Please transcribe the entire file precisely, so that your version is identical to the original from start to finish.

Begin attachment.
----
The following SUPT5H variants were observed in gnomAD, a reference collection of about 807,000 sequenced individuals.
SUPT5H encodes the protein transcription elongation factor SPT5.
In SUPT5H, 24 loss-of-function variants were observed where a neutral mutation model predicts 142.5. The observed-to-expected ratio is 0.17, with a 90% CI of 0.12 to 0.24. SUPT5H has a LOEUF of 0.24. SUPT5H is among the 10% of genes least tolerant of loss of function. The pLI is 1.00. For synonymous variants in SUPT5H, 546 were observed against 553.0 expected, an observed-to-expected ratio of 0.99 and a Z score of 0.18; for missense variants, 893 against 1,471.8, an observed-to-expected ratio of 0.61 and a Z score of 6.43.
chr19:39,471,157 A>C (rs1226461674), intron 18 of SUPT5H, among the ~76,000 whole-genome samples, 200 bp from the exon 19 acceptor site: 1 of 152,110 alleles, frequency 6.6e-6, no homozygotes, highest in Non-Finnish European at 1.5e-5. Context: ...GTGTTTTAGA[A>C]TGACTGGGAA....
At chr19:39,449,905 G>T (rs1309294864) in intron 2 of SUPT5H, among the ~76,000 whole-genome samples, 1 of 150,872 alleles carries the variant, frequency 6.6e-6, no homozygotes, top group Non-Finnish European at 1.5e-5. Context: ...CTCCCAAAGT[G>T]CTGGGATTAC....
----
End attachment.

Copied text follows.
The following SUPT5H variants were observed in gnomAD, a reference collection of about 807,000 sequenced individuals.
SUPT5H encodes the protein transcription elongation factor SPT5.
In SUPT5H, 24 loss-of-function variants were observed where a neutral mutation model predicts 142.5. The observed-to-expected ratio is 0.17, with a 90% CI of 0.12 to 0.24. SUPT5H has a LOEUF of 0.24. SUPT5H is among the 10% of genes least tolerant of loss of function. The pLI is 1.00. For synonymous variants in SUPT5H, 546 were observed against 553.0 expected, an observed-to-expected ratio of 0.99 and a Z score of 0.18; for missense variants, 893 against 1,471.8, an observed-to-expected ratio of 0.61 and a Z score of 6.43.
chr19:39,471,157 A>C (rs1226461674), intron 18 of SUPT5H, among the ~76,000 whole-genome samples, 200 bp from the exon 19 acceptor site: 1 of 152,110 alleles, frequency 6.6e-6, no homozygotes, highest in Non-Finnish European at 1.5e-5. Context: ...GTGTTTTAGA[A>C]TGACTGGGAA....
At chr19:39,449,905 G>T (rs1309294864) in intron 2 of SUPT5H, among the ~76,000 whole-genome samples, 1 of 150,872 alleles carries the variant, frequency 6.6e-6, no homozygotes, top group Non-Finnish European at 1.5e-5. Context: ...CTCCCAAAGT[G>T]CTGGGATTAC....